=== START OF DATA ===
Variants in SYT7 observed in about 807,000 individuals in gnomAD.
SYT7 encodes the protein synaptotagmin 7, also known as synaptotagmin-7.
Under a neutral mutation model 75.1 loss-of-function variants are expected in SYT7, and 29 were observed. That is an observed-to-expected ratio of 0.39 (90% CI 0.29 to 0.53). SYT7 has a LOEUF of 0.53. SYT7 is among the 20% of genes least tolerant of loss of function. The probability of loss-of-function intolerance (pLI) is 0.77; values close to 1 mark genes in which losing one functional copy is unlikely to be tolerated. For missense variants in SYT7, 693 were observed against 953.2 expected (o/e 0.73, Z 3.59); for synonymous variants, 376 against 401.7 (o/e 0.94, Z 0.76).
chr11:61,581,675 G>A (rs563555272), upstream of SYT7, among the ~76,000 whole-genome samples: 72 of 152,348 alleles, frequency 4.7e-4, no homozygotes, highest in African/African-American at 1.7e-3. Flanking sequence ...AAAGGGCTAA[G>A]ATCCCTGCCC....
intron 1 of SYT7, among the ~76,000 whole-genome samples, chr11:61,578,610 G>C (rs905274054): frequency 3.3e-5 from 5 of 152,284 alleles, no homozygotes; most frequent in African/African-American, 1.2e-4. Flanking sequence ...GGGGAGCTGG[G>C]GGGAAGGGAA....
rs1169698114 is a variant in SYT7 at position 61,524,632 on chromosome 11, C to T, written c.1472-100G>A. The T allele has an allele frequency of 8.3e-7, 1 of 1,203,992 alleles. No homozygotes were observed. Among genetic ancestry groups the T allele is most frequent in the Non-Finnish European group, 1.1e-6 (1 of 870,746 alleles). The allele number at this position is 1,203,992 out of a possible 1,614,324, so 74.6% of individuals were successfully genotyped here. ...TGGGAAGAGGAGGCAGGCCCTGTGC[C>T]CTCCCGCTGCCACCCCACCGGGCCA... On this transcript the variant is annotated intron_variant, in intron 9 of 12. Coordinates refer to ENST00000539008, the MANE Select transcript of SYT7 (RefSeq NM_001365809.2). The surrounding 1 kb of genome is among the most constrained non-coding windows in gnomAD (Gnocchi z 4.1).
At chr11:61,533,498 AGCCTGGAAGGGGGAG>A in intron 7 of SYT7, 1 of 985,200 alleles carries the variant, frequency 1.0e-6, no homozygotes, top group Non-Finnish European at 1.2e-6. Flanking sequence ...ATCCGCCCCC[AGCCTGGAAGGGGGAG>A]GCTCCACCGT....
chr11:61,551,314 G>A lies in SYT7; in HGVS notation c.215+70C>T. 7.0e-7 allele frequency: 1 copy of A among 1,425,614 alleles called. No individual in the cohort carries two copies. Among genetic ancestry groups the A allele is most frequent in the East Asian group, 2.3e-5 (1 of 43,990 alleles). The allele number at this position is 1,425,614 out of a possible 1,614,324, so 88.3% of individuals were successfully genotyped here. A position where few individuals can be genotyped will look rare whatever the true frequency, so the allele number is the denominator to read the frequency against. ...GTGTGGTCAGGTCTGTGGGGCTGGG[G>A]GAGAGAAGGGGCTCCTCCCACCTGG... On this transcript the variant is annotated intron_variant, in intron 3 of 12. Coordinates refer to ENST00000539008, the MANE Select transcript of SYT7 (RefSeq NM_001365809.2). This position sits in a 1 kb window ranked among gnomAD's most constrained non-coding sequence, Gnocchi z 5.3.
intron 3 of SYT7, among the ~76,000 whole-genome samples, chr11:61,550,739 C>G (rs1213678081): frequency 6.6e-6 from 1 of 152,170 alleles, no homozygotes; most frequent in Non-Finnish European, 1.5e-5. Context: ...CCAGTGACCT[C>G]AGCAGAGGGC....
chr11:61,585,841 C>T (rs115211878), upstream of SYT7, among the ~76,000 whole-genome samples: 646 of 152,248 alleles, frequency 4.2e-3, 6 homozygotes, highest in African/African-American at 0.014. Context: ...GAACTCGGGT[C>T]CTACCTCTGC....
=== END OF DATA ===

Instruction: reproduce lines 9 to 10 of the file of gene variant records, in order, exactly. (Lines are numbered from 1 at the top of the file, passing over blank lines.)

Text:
intron 3 of SYT7, among the ~76,000 whole-genome samples, chr11:61,550,739 C>G (rs1213678081): frequency 6.6e-6 from 1 of 152,170 alleles, no homozygotes; most frequent in Non-Finnish European, 1.5e-5. Context: ...CCAGTGACCT[C>G]AGCAGAGGGC....
chr11:61,585,841 C>T (rs115211878), upstream of SYT7, among the ~76,000 whole-genome samples: 646 of 152,248 alleles, frequency 4.2e-3, 6 homozygotes, highest in African/African-American at 0.014. Context: ...GAACTCGGGT[C>T]CTACCTCTGC....